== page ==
Lest We Forget.
On September 29, 2021, the Tomb of the Unknown Soldier made history with an all-female-led guard change. The event occurred on the 30,770th day of continuous guarding by The Old Guard, which has held the duty since 1948.
According to leaders from The Old Guard – also known as the 3rd US Infantry Regiment – this was the first time in the Tomb‘s nearly 100-year history and came at the request of Sergeant First Class Chelsea Porterfield, the 28th Sergeant of the Guard.
SFC Porterfield was the first woman to lead the changing of the guard ceremony at the Tomb, and the change on September 29 marked her final walk. According to Commander Patrick Roddy, the all-female guard change was done in her honor.
“It wasn’t anyone’s intent to ‘engineer’ this event, but we knew an event like this had significant meaning,” Commander Roddy told Task & Purpose. “So in honor of SFC Porterfield’s service, and at her request, the schedules were aligned for the first all-woman changing of the guard as part of her last walk.”
The ceremonial changing of the guard occurs every hour on the hour between October 1 and March 31, and every half hour between April 1 and September 30.
“We commemorate the achievements of these trailblazing Tomb Guards,” said The Old Guard on Instagram. “While this historic event may be a first, it is not the last. With diversity in our ranks, race, gender, or any characteristics will never hinder, but only enhance the execution of our sacred mission.
“As we recognize this monumental day, we reflect on the Unknowns and their ultimate sacrifice,” they continued. “The world will never know their names. Their life’s poetry was silenced in the defense of this great nation. We will never forget their sacrifice, and we will never falter as our standard will remain perfection.”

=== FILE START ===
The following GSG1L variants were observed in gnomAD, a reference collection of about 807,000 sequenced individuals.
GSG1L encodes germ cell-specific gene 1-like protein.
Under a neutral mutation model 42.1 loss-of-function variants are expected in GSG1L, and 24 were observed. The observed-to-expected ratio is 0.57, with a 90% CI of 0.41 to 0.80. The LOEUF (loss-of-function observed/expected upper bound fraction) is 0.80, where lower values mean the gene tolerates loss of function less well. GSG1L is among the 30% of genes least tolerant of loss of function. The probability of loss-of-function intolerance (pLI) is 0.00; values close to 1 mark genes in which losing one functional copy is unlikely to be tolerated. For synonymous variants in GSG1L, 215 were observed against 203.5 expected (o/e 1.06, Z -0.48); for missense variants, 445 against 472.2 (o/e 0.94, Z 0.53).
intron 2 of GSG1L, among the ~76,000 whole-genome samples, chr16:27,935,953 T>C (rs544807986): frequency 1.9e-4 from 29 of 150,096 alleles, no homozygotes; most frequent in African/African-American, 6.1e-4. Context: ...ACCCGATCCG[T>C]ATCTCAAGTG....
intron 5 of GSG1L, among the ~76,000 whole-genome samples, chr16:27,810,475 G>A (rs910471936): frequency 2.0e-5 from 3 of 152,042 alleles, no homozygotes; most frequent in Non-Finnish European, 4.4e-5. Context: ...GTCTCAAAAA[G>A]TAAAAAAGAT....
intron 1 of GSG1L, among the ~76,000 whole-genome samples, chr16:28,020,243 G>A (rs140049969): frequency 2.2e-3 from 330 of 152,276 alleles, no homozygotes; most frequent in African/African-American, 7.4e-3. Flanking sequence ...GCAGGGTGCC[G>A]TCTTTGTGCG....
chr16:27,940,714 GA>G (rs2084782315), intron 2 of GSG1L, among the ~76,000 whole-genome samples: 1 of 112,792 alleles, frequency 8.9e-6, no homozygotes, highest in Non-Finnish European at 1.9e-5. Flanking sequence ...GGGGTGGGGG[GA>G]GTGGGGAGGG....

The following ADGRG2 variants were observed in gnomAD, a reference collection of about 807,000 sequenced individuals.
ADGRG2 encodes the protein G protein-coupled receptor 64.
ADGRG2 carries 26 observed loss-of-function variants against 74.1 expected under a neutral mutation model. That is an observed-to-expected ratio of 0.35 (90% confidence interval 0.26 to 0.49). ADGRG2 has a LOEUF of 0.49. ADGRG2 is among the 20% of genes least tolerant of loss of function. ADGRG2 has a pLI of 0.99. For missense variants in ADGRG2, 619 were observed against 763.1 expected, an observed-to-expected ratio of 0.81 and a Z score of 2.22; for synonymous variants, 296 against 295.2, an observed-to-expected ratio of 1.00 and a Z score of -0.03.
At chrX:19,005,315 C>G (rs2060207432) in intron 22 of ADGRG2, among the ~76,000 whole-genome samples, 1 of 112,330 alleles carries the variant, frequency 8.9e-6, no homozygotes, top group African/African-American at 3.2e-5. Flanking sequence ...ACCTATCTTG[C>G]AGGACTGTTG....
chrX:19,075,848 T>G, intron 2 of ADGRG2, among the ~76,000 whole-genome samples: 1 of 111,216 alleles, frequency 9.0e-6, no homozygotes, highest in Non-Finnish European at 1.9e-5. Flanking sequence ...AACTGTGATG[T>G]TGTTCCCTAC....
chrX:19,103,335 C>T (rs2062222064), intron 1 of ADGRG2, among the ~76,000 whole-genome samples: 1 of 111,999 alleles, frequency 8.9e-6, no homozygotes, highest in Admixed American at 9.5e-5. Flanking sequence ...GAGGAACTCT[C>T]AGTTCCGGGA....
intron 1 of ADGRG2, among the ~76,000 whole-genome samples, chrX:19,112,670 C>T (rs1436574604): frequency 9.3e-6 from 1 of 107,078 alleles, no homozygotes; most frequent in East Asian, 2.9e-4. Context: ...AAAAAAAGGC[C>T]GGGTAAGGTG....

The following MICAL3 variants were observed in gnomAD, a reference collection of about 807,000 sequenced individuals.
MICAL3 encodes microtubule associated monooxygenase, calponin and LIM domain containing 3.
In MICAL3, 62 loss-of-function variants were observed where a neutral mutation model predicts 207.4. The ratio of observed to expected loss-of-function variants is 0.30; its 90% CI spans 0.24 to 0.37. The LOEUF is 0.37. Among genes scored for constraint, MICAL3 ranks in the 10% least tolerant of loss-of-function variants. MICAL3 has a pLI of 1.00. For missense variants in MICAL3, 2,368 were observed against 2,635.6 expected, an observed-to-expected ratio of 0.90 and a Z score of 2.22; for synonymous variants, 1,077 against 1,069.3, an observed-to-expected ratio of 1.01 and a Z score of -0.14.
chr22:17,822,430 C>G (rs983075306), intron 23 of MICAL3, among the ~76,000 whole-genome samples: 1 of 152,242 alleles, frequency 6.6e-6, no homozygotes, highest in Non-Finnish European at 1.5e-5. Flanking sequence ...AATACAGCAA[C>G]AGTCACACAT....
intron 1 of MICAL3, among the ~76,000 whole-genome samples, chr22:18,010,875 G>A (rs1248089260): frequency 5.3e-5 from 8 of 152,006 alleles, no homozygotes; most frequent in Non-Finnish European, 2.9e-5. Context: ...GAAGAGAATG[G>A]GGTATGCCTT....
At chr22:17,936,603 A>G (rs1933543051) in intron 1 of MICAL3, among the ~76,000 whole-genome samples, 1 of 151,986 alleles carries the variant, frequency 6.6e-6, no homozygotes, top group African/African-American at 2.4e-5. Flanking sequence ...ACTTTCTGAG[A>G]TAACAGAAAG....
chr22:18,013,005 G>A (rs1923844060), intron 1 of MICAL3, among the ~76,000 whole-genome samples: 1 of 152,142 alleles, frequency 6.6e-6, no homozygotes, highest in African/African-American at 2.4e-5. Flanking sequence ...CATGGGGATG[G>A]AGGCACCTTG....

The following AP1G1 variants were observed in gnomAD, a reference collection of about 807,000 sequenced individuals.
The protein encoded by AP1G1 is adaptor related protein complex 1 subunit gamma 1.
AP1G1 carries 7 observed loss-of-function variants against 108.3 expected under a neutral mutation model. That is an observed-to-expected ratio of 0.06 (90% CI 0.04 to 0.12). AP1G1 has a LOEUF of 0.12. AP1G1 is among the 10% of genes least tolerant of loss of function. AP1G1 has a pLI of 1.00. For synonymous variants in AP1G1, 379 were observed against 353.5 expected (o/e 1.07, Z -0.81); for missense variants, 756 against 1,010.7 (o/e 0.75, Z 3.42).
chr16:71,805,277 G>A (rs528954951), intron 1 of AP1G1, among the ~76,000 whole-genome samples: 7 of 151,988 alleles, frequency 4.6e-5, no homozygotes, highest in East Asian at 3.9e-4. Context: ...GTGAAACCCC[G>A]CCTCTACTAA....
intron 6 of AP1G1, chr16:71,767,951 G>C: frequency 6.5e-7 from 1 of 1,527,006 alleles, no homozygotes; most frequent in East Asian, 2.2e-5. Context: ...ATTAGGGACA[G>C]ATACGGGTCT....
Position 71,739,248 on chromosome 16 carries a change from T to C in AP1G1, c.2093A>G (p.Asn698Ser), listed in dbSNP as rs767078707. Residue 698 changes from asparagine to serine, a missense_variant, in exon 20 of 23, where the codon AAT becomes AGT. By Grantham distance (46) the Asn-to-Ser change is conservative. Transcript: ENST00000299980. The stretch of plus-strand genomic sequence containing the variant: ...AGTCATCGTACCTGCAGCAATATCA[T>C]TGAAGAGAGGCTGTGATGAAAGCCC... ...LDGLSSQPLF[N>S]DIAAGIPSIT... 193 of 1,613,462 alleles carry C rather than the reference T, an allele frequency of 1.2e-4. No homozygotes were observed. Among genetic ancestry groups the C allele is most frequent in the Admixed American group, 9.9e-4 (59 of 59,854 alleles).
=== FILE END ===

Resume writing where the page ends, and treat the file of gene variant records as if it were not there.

The Tomb of the Unknown Soldier was erected in 1921 as a way to pay tribute to unidentified US service members who have died in conflict. It is located at Arlington National Cemetery in Virginia, and while guarded since 1926, it wasn’t continuously watched over by members of the military until 1937.
It was created from a marble slab with the remains of a single unidentified soldier who died during World War I, and after President Dwight D. Eisenhower signed a bill has become home to Unknowns from World War II and the Korean War. Those selected were interred in 1958.
The Tomb was also home to an Unknown from the Vietnam War, whose remains were later exhumed and identified through DNA analysis as Air Force 1st Lieutenant Michael Joseph Blassie. It was decided that, in his place, the crypt would remain vacant. Its cover was replaced with a new inscription, which reads: “Honoring and Keeping Faith with America’s Missing Servicemen, 1958–1975.”
Those soldiers who watch over the Tomb are known as Sentinels and must undergo extensive training in uniform and arms preparation. They must also pass several tests before becoming Tomb guards.